Students learn global cooperation in Model UN course
In the Model United Nations, students step into the shoes of ambassadors from United Nations (UN) member states to debate current issues on the organization’s agenda. Last spring, St. Catherine University students served as delegates from Ecuador at the National Model United Nations Conference in New York City (NMUN-NY). This year, April 17–21, they’ll represent Moldova.
“When I found out about our Model UN course, I jumped at the opportunity,” says Elizabeth Natwick ’13. “I have a strong passion for politics and learning about the international community, and I thought, ‘What better way to learn about what I want to do with my life than this?’”
Natwick, who is majoring in international relations with a minor in economics, was one of 16 students who enrolled in Professor Maria Tzintzarova’s new class during winter 2010. The four-credit “Model United Nations” course is offered again this winter through St. Kate’s Department of History, Geography and Political Science. It covers the structure and functions of the United Nations and its agencies and prepares students for NMUN-NY — the largest UN simulation in the United States.
“Model UN can be offered in two different ways at a school, either as a class or club,” explains Tzintzarova, who developed the University’s course with the help of Katie Millerbernd ’10. “The advantage of having it as an upper-division political science course at St. Kate’s is that our students learn more in-depth about the UN and different forms of diplomatic behavior.”
The United Nations was founded in 1945, after WWII, by 51 countries committed to maintaining international peace and promoting social progress, better living standards and human rights. Today, the UN has 196 member nations. NMUN–NY draws more than 5,000 students from five continents and simulates 20 UN committees, including the Security Council and the Nuclear Non-Proliferation Treaty Review Committee.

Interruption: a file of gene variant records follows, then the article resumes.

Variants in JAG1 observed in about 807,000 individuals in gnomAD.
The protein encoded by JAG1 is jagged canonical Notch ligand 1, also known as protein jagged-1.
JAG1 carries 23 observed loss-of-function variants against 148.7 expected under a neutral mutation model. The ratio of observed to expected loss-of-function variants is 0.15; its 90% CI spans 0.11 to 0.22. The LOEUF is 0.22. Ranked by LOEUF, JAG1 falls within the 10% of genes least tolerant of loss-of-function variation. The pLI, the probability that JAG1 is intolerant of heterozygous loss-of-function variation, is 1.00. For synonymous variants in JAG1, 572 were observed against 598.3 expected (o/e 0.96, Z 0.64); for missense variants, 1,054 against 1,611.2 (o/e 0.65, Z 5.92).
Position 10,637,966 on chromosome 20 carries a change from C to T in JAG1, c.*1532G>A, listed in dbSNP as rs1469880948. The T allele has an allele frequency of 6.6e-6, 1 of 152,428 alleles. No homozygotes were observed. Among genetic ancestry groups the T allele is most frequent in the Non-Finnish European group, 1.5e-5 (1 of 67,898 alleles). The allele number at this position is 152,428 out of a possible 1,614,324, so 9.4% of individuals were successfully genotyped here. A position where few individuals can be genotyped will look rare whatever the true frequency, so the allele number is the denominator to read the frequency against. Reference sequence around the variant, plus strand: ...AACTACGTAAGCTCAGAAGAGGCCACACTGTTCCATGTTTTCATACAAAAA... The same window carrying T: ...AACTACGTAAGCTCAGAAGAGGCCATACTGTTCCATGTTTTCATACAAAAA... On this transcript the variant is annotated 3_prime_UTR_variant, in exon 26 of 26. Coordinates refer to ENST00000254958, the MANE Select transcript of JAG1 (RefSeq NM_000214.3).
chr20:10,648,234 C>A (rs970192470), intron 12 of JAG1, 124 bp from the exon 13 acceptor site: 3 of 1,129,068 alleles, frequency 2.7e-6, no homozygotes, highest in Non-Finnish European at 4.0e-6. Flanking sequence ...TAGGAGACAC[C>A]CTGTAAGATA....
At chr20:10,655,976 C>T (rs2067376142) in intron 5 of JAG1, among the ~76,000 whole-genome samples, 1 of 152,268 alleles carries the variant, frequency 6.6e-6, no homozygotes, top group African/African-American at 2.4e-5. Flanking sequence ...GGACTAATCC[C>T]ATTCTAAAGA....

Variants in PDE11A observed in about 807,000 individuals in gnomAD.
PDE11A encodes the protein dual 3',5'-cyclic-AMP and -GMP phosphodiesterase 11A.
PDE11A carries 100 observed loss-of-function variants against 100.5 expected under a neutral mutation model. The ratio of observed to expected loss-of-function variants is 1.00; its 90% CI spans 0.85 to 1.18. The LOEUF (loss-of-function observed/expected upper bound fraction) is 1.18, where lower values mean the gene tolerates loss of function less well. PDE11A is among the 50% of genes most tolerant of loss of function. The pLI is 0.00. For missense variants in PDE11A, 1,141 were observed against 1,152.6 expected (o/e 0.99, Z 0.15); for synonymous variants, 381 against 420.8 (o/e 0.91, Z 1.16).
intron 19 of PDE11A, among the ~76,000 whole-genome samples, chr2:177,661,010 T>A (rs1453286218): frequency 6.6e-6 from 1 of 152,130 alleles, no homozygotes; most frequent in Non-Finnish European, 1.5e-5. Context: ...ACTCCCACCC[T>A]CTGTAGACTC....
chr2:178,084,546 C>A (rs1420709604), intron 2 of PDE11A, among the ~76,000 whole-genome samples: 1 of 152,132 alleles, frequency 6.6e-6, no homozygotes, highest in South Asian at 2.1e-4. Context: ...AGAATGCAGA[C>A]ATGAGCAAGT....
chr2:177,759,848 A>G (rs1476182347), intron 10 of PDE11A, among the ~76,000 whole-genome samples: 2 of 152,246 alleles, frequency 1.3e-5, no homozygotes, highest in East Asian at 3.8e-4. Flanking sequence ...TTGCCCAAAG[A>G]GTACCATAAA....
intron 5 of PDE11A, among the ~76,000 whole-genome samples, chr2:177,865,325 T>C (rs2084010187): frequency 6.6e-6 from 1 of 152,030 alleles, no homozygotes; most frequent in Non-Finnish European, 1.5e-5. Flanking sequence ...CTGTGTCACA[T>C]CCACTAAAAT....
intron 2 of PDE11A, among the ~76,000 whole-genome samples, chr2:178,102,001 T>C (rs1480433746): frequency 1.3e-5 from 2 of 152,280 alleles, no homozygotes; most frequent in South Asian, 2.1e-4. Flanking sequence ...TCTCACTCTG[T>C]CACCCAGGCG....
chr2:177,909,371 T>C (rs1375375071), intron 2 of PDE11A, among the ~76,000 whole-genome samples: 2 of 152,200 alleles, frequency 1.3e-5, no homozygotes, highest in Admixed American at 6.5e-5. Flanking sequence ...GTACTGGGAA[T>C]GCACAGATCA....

When registering for a Model UN conference, participants have to indicate 10 countries they want to role-play. Countries are assigned on a first-come, first-served basis and on the size of a team or school. Tzintzarova’s class of nine students will represent the Republic of Moldova — a landlocked country in Eastern Europe between Romania and Ukraine — on eight committees at the conference.
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Heather Hodges ’68, who earned a B.A. in Spanish from St. Kate’s, is the U.S. ambassador to Ecuador. She was also the ambassador to Moldova from September 2003 to May 2006.
In addition to discussions, lectures and quizzes about the UN, St. Kate’s students are also learning all they can — in class and on their own — about Moldova and its position on certain topics or policies.
“The UN undertakes a lot of economic development, education and health care projects, and it can bring countries to the negotiating table to debate issues and start looking at solutions,” Tzintzarova says. “But one question keeps coming up, ‘Is the UN still useful for the international community?.’ I want my students to know what the UN can do and what its shortcomings are. It may not be the perfect body, but it’s the only one we have that really involves most countries in the world.”
Katies have participated in local and regional mock UN gatherings as far back as the 1960s. According to the University’s digital archives, there was a chapter of the NMUN Association on the St. Paul campus during the 1989–90’s school year. The 15-plus members that traveled to the 1990 NMUN Conference were said to be the first all-woman delegation to attend a national or international conference.
Opening and final NMUN–NY plenary sessions are held in the General Assembly Hall at the UN Headquarters. This spring, St. Kate's students are paying $800 to cover their travel expenses, which includes a plane ticket, hotel accommodation and the conference fee.
“Being there was an amazing experience,” says Natwick, who, like all the student-delegates, had to employ a variety of communication and critical thinking skills at the conference. “I felt honored to be able to sit where the actual delegations sit and vote on resolutions.”
After the conference, Tzintzarova and her students debrief on the experience and continue to discuss at least two more topics in class on the United Nations' work. Students must turn in a final research paper on a subject or an issue related to UN.
“This class exceeded my expectations, and was by far one of the most memorable experiences I have had so far at St. Kate’s,” says Natwick. “It was a fun way to take what I was learning in the classroom and put it into action.”
Natwick liked the experience so much that she’s currently doing an internship at the National Model UN office in Minneapolis.